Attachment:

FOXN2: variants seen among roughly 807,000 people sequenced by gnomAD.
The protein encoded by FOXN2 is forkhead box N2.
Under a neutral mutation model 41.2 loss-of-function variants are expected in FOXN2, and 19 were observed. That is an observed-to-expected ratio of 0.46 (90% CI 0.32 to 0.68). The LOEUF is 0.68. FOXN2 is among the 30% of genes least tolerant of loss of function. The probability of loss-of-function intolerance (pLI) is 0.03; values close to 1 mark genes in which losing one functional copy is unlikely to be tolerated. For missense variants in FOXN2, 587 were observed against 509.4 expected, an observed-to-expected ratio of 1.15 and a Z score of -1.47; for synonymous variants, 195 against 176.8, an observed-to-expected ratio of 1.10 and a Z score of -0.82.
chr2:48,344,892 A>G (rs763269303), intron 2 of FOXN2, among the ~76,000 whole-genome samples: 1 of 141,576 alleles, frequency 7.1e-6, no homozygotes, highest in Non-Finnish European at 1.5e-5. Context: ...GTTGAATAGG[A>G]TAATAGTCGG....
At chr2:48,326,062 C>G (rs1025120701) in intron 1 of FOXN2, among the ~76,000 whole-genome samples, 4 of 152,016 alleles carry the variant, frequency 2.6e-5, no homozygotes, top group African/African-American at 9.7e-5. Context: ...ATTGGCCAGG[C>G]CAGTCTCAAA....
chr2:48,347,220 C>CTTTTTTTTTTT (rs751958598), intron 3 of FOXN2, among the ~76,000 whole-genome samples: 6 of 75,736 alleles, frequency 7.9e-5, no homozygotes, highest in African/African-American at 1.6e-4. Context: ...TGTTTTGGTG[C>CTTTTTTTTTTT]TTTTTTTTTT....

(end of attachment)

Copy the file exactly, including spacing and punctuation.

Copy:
FOXN2: variants seen among roughly 807,000 people sequenced by gnomAD.
The protein encoded by FOXN2 is forkhead box N2.
Under a neutral mutation model 41.2 loss-of-function variants are expected in FOXN2, and 19 were observed. That is an observed-to-expected ratio of 0.46 (90% CI 0.32 to 0.68). The LOEUF is 0.68. FOXN2 is among the 30% of genes least tolerant of loss of function. The probability of loss-of-function intolerance (pLI) is 0.03; values close to 1 mark genes in which losing one functional copy is unlikely to be tolerated. For missense variants in FOXN2, 587 were observed against 509.4 expected, an observed-to-expected ratio of 1.15 and a Z score of -1.47; for synonymous variants, 195 against 176.8, an observed-to-expected ratio of 1.10 and a Z score of -0.82.
chr2:48,344,892 A>G (rs763269303), intron 2 of FOXN2, among the ~76,000 whole-genome samples: 1 of 141,576 alleles, frequency 7.1e-6, no homozygotes, highest in Non-Finnish European at 1.5e-5. Context: ...GTTGAATAGG[A>G]TAATAGTCGG....
At chr2:48,326,062 C>G (rs1025120701) in intron 1 of FOXN2, among the ~76,000 whole-genome samples, 4 of 152,016 alleles carry the variant, frequency 2.6e-5, no homozygotes, top group African/African-American at 9.7e-5. Context: ...ATTGGCCAGG[C>G]CAGTCTCAAA....
chr2:48,347,220 C>CTTTTTTTTTTT (rs751958598), intron 3 of FOXN2, among the ~76,000 whole-genome samples: 6 of 75,736 alleles, frequency 7.9e-5, no homozygotes, highest in African/African-American at 1.6e-4. Context: ...TGTTTTGGTG[C>CTTTTTTTTTTT]TTTTTTTTTT....